Sammy de León

Sammy de León is one of the most recognized Latin bandleaders in Northern Ohio. He plays the timbales, a twin set of metal-encased, single-headed drums with a cowbell and a cymbal on the side. He began to play professionally at age 13 and has since played alongside the greatest of the genre: Tito Puente and Grán Combo de Puerto Rico, among others.

De León is the eighth child in a large Puerto Rican family of thirteen (8 girls and 5 boys) from Lorain. Neither of his parents were professional musicians, but Sammy remembers that his mother sang a around the house, and his father, who worked for Ford Motor Co. for 25 years, played the Puerto Rican cuatro during the traditional Christmas “parrandas.” Young Sammy played maracas and sang with his family on these occasions. However, it was his older brother Robert who introduced Sammy to the timbales, and though Robert did not pursue music as a career, he is also responsible for introducing to music his other older brother, Miguel “Mambo” de León, now successful percussionist and bandleader in Kansas City, Missouri.

Sammy joined the drum core in 9th grade at Admiral Kind High School in Loraine and began playing professionally as part of Trio Puerto Rico at age 13. After graduation in 1979, he became a full-time performer and never looked back. He joined Cobra, a Latin rock band, and continued with other bands: first Orquesta Charambó in the mid 1980s, and later with Impacto Nuevo in the 1990s, which he co-directed with Nelson Orta. He also participated and recorded with the late, Cleveland area Latin jazz pianist Roberto Ocasio. For the past decade, he has fronted his own band, Sammy De León y Su Orquesta. The band plays a broad spectrum of dance music styles, and has gained a multi-cultural audience.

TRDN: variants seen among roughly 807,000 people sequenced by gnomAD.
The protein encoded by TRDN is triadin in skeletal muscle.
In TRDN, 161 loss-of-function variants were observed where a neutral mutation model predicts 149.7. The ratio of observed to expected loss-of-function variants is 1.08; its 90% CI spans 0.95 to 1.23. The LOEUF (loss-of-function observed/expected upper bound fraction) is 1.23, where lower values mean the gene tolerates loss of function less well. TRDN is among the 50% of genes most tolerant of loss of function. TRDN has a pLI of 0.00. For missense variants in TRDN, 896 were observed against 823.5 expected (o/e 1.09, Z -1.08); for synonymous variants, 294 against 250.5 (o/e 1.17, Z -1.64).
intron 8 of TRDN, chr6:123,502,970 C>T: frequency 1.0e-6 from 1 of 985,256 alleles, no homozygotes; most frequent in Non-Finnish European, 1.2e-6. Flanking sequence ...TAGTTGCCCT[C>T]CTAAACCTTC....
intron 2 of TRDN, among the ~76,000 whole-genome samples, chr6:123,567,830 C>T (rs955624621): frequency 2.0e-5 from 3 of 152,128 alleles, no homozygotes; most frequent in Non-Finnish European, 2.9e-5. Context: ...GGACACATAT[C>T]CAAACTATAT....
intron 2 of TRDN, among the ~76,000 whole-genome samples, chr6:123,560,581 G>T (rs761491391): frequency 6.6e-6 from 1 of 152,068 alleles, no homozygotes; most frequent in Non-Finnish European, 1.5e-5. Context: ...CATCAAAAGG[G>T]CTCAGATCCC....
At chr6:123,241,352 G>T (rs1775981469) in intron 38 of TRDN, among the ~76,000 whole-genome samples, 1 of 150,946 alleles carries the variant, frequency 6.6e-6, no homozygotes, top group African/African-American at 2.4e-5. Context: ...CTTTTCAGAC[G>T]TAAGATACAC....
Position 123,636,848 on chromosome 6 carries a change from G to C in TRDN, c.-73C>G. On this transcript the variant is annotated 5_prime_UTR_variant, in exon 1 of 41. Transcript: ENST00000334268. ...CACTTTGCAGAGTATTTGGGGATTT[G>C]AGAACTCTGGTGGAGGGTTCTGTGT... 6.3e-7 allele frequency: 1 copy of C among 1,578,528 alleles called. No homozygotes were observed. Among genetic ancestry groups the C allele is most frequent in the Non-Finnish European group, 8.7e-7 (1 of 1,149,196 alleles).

Sammy’s discography includes “Que Lindas Son Las Mujeres” with Orquesta Charambó (1985),  “Un Nuevo Estilo” with Impacto Nuevo (1995), “Algo Para Ti” Roberto Ocasio Latin Project (1998), and  “Sammy” with Sammy De Leon Orchestra (2003). Sammy regularly mentors young musicians from Oberlin College who want to learn Latin music. His friends jokingly call his band “Sammy Salsa College” because his band has been a rite of passage for many upcoming players.

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